• Thank you for your very thoughtful response. I’ve seen both of those documentaries and I thought they were both very powerful movies. After watching Veducated, I became much more aware of how cruel animals are treated. Like you, I also think that diet is a very personal decision. I’m glad you found the choice that is right for you!

  2. I’m a loose vegan myself, for the past few months, and I’ve been a vegetarian for about two and half years. I love it, and like you I’ve learned so much more that can be done with vegetables, in addition to discovering new foods I had never tried before (sounds silly, but rutabagas – what a miracle food! Can be eaten raw or cooked, have a simple sweet starchy flavor, are so versatile, and are way more nutritious than potatoes yet still very affordable!).

    I firmly believe that once a lifestyle choice takes control of you and not vice-versa, then it has become a problem. Our decisions have to come from us, not dictate to us. So, if you want eggs – eat eggs. You want feta cheese – eat feta cheese. I personally have lost all interest in eggs, though I’ll eat a mayonnaise-based pasta salad if it’s put in front of me. One note of caution – I had mac and cheese out of a box the other day, and it was the first time I had been sick to my tummy in a long time. Your system may not react well if it hasn’t been used to it.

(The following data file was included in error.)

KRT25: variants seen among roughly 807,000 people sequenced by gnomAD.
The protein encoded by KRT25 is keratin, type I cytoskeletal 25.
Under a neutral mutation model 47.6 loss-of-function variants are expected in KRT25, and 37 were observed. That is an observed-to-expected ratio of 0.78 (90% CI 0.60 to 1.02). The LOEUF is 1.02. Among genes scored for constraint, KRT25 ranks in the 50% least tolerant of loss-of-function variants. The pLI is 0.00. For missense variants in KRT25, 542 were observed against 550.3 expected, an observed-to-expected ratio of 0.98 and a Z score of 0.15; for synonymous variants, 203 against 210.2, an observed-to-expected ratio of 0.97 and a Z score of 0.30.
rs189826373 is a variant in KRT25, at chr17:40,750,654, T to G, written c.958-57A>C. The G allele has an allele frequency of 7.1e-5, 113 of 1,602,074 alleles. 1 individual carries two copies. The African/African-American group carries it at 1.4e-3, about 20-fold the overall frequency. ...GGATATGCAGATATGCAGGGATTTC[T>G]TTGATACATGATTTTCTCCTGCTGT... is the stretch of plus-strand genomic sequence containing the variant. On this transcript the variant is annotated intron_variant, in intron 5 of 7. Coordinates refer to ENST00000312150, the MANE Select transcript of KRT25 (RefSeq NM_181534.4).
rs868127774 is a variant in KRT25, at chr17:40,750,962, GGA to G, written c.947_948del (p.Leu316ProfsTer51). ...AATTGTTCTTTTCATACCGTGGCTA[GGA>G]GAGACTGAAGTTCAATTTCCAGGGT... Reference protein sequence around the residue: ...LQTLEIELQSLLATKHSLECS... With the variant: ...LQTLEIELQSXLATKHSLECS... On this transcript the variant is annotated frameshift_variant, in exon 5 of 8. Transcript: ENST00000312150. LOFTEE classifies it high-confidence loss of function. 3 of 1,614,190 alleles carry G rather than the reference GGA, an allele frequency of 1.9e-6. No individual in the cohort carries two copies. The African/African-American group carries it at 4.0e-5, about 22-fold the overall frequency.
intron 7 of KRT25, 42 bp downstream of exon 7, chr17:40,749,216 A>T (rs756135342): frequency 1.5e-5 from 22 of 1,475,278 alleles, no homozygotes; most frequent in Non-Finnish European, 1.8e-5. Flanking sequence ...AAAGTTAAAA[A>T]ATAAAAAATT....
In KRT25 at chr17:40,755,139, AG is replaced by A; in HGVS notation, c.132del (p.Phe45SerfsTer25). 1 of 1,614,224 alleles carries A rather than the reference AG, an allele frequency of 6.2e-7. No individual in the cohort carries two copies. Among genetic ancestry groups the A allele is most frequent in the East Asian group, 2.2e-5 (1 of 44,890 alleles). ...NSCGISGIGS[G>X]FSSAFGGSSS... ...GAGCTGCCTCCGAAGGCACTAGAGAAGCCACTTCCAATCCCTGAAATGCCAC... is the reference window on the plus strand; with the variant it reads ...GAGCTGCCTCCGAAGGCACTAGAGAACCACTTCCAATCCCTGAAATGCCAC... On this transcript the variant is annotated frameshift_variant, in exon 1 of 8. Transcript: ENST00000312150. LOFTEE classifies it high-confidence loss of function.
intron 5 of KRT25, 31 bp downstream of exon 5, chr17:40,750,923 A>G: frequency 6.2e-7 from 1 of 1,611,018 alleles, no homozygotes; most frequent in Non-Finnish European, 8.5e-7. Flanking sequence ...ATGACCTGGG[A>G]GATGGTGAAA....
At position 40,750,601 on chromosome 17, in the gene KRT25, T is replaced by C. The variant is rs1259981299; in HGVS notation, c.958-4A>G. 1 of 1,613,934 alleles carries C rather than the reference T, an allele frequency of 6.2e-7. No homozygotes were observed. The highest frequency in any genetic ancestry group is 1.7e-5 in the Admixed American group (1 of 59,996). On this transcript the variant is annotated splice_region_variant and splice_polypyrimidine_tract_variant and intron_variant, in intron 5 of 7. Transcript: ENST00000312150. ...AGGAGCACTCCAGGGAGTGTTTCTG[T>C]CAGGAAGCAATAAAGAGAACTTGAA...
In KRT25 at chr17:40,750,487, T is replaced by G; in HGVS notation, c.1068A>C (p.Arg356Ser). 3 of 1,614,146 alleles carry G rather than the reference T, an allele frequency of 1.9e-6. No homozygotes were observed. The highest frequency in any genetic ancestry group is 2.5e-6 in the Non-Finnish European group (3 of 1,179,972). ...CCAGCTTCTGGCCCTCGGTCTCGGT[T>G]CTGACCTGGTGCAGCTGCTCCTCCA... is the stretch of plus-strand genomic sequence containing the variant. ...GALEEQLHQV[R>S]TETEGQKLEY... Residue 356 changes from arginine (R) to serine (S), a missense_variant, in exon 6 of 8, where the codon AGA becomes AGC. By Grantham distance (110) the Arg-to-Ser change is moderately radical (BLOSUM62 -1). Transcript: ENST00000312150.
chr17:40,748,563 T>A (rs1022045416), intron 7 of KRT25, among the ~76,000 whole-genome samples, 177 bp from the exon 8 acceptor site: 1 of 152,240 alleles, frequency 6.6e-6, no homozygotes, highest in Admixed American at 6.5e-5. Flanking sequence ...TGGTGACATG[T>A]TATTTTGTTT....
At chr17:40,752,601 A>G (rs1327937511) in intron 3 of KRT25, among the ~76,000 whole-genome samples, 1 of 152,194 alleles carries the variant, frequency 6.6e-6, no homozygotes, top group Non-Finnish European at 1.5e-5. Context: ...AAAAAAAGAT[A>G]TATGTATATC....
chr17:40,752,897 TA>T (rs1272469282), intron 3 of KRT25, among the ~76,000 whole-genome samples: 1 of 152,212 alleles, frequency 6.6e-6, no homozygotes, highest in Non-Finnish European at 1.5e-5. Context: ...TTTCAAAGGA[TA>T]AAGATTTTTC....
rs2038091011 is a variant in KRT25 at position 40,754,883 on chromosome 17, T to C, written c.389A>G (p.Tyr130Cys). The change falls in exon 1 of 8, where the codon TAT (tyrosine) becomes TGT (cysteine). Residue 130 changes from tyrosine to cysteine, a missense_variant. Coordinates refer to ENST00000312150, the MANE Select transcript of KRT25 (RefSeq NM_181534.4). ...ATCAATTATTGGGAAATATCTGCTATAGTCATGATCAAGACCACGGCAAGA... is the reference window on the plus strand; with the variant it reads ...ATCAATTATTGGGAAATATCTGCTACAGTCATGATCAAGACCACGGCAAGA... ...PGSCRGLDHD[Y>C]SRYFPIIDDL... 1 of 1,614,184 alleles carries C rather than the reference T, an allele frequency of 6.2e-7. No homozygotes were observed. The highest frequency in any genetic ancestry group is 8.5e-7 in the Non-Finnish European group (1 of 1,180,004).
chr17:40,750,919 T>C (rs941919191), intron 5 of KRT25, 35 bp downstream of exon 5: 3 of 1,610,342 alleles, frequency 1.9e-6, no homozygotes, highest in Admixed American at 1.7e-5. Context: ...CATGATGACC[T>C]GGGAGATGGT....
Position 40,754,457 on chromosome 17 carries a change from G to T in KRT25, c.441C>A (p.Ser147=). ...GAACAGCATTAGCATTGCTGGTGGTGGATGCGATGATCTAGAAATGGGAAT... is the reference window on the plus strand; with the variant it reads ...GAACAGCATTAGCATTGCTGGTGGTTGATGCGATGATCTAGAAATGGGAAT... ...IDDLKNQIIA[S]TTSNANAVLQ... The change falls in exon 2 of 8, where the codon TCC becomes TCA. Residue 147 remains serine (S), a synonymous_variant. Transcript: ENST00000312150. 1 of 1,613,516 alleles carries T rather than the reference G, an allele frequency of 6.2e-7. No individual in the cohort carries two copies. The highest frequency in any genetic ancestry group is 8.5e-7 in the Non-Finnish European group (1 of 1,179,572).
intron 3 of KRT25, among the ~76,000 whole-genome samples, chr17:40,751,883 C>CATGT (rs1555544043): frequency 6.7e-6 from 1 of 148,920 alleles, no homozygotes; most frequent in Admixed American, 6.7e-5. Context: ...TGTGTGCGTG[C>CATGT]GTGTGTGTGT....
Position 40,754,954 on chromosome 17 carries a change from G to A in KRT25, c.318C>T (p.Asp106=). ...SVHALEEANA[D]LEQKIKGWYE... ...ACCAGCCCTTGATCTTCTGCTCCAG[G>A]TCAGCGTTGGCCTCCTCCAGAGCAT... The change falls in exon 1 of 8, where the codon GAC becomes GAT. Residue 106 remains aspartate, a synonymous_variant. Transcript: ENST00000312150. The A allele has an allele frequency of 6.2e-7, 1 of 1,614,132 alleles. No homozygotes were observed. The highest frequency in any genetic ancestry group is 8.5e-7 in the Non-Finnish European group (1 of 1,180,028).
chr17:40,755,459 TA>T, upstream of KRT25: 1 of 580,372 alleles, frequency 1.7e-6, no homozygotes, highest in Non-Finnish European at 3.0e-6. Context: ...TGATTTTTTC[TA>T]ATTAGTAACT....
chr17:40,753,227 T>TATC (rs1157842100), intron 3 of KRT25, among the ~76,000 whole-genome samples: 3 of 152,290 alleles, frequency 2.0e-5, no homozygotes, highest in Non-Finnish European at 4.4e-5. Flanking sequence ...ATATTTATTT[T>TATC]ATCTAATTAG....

As far as humane treatment of animals, I’m sure that I’ll have animal rights folks on my heels for this statement but it is quite possible to have cruelty-free eggs. I know this first-hand. Healthy pasture-raised hens lay about one egg a day regardless of whether you want the egg or not (except in cold months when they may not lay consistently or at all, depending on their disposition). Incidentally, if you drop one of their eggs and it smashes on the ground, they will gobble it up. Healthy, humanely raised hens are not hurt in the least by your eating their eggs. That having been said, humanely raised hens are increasingly hard to find, and not all farmers are very keen about letting you see their farms. I’m mainly talking about VERY small, family-farm operations with perhaps 20-100 hens. Of course, eggs aren’t particularly healthy anyway, and they are rather unsanitary and prone to cross-contaminating other foods.